Teuila Fuatai

Teuila Fuatai is a reporter for the NZ Herald

New mums tell of rude staff, overcrowding

Photo / Thinkstock
Photo / Thinkstock

A new report highlighting serious shortcomings in maternity care of some of New Zealand's most vulnerable women has led to Government intervention at the Counties Manukau District Health Board.

The report, commissioned by Counties Manukau Health, included the experiences of Maori and Pacific mothers living in areas of high socio-economic deprivation who were of childbearing age.

Feedback from the women showed inadequate clinical treatment, problems with rude hospital staff and overcrowding.

One said she had to go into a linen cupboard when she arrived at hospital because "there were already chicks ... in labour in the hallway". Another said she had to go back with an infection two days after being told to leave, despite feeling unwell, because of bed shortages.

The research, done by health consultancy agency Pacific Perspectives, follows on from an external review of maternity care - published in 2012 - that identified problems associated with the district's high perinatal mortality rate.

It examined a variety of issues facing vulnerable mothers in areas of high deprivation in the district. These included barriers around early access to maternity care in their pregnancies, contraception, nutrition and birthing experiences.

"Poor service experience at Middlemore maternity ward and primary birthing units" was one of the problems identified in the research.

One participant describes being told she could stay in hospital only until she went to the toilet after giving birth.

"At 4am, after I went to the toilet, she told me to leave. It was the middle of winter and I am sitting in the foyer waiting for my mum to come back and pick me up with my new baby.

"My mum only just left two hours before because they said she can't stay the night. I was thinking of her petrol."

Margie Apa, director of strategic development at Counties Manukau DHB, said frontline staff would be asked about the experiences detailed in the report.

"We deliberately funded this work to give us some insight on a particularly small group of women for whom we are concerned about how we can tailor our systems to better meet their needs."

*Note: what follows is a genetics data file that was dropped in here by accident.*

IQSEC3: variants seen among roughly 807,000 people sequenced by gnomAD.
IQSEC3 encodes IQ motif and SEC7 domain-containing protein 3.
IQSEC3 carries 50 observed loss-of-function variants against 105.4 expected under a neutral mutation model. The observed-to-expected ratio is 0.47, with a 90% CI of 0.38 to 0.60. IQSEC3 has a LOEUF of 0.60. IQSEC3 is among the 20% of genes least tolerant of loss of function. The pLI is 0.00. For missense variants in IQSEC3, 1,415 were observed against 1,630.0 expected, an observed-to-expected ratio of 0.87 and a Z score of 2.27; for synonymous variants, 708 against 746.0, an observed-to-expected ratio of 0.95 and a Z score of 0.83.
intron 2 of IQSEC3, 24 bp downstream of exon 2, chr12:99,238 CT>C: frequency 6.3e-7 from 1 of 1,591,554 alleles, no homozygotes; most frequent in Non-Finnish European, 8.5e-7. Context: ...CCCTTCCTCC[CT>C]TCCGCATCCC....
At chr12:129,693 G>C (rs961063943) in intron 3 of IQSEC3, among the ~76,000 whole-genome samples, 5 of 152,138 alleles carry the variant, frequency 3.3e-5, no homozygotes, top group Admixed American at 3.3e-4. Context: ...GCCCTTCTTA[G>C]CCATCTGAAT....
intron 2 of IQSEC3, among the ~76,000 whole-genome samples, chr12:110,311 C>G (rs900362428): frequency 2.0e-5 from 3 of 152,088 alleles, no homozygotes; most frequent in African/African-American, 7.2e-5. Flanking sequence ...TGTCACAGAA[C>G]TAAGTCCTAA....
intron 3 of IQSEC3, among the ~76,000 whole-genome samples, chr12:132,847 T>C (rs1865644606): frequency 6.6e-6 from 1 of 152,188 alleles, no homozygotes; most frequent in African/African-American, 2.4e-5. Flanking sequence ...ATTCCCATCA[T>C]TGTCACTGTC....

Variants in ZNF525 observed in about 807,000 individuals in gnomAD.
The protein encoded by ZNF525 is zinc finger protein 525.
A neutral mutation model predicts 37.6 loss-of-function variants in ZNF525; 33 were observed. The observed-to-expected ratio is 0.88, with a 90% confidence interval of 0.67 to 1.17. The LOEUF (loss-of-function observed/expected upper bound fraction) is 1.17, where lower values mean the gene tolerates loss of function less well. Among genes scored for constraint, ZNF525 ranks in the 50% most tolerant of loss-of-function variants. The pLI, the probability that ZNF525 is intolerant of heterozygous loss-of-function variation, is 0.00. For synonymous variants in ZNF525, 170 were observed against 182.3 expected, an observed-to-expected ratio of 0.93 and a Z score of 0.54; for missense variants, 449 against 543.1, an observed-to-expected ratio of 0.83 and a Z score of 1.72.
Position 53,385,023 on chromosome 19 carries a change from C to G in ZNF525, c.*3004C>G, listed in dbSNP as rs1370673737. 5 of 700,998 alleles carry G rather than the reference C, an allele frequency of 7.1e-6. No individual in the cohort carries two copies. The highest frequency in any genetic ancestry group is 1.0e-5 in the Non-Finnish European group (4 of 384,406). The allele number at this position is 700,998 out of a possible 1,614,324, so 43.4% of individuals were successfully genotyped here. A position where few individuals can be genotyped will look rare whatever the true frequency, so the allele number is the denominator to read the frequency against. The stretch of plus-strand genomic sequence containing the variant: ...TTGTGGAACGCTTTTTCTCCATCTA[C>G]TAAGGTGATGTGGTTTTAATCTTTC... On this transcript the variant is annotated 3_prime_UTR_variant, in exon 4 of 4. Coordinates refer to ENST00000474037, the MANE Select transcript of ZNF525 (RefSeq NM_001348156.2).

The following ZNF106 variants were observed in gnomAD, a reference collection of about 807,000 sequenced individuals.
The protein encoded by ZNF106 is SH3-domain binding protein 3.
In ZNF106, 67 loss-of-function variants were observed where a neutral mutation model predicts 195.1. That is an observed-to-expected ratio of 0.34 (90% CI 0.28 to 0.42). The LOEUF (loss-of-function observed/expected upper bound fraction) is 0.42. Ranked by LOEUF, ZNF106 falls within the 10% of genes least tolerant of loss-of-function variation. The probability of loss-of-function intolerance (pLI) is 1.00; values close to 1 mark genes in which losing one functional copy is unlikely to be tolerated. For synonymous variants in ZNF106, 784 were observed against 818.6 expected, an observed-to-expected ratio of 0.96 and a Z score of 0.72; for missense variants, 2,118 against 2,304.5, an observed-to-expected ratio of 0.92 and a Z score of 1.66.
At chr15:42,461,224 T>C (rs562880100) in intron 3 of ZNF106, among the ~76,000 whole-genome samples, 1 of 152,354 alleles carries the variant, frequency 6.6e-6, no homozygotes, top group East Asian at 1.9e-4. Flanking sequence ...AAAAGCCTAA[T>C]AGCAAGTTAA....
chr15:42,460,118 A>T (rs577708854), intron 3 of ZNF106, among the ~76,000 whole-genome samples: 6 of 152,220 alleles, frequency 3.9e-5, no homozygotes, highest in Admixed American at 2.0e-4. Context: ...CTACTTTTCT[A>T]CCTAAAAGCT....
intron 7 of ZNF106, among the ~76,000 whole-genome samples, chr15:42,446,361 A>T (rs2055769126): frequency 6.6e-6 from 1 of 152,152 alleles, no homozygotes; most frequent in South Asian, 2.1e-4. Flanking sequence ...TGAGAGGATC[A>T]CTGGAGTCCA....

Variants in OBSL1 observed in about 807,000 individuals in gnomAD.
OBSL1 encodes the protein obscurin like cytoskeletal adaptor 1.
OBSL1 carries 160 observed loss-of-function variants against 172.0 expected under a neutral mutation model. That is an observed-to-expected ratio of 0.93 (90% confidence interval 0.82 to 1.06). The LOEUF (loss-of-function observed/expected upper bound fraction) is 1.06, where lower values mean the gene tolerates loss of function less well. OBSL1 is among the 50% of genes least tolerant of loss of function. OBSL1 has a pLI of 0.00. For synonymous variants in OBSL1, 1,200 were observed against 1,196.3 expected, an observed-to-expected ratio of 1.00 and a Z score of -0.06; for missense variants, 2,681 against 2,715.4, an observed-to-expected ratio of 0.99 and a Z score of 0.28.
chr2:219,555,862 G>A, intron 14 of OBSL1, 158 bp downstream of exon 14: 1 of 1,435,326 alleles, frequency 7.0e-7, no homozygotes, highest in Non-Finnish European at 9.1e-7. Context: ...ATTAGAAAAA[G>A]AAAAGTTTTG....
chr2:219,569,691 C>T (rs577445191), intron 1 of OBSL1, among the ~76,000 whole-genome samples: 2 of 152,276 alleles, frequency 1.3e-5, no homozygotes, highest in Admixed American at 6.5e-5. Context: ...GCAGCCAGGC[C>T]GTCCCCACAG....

Feedback indicating a perception that family members had to pay to stay and support a new mother in Middlemore Hospital was worrying, because all services at the hospital were free, she said.

When asked if staff would be told that experiences like those reported were unacceptable, Mrs Apa replied, "Yes."

Health Minister Tony Ryall said he had asked the DHB to report to him on what action it was taking to address concerns.

Key findings

*Perceived attitudes of staff towards mothers. Vulnerable young mothers felt interactions with staff judged, stereotyped and stigmatised them.
*Labour, delivery and the period just after delivery were mentioned as times when young mothers felt they needed support and care of health professionals and their families.
*Women with English as a second language and/or with low health literacy were not able to access extra resources to meet their needs.
*Inter-workforce rivalry and patch protection were obvious to mothers and their families. Mothers described tensions between private lead maternity carers (LMCs) and hospital staff, with LMCs advocating for them against staff who were seen as focused on discharging mothers early, and staff who criticised the actions and competence of LMCs.

- APNZ

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